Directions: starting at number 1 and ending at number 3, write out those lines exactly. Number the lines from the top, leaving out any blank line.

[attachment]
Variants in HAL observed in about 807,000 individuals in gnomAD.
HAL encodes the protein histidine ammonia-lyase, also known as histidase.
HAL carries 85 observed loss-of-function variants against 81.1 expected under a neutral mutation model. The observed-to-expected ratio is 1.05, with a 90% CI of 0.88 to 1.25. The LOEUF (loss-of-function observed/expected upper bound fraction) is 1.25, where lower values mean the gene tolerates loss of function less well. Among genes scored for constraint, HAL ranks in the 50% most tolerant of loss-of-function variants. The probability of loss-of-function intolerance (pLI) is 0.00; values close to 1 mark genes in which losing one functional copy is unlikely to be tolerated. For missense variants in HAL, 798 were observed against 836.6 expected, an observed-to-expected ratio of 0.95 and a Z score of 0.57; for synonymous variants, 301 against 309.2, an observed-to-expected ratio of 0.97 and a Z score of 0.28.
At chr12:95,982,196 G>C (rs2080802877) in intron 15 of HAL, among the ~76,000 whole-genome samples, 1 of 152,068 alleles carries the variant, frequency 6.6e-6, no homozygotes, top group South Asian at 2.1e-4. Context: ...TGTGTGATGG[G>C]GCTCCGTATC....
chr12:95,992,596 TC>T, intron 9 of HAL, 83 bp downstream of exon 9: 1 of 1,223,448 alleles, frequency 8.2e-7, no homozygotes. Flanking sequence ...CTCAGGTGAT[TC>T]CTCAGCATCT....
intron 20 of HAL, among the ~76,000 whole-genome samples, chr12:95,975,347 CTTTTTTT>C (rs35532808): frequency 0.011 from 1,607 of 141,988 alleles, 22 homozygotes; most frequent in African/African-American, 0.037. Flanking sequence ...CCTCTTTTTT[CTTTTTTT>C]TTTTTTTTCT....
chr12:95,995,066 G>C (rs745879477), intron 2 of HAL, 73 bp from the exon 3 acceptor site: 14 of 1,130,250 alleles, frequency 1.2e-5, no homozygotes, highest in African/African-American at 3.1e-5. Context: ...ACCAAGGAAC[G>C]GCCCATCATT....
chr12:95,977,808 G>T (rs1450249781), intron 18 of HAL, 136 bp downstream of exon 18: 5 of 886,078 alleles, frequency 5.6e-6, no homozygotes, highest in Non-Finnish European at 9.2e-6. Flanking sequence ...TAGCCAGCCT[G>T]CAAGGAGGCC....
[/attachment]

Variants in HAL observed in about 807,000 individuals in gnomAD.
HAL encodes the protein histidine ammonia-lyase, also known as histidase.
HAL carries 85 observed loss-of-function variants against 81.1 expected under a neutral mutation model. The observed-to-expected ratio is 1.05, with a 90% CI of 0.88 to 1.25. The LOEUF (loss-of-function observed/expected upper bound fraction) is 1.25, where lower values mean the gene tolerates loss of function less well. Among genes scored for constraint, HAL ranks in the 50% most tolerant of loss-of-function variants. The probability of loss-of-function intolerance (pLI) is 0.00; values close to 1 mark genes in which losing one functional copy is unlikely to be tolerated. For missense variants in HAL, 798 were observed against 836.6 expected, an observed-to-expected ratio of 0.95 and a Z score of 0.57; for synonymous variants, 301 against 309.2, an observed-to-expected ratio of 0.97 and a Z score of 0.28.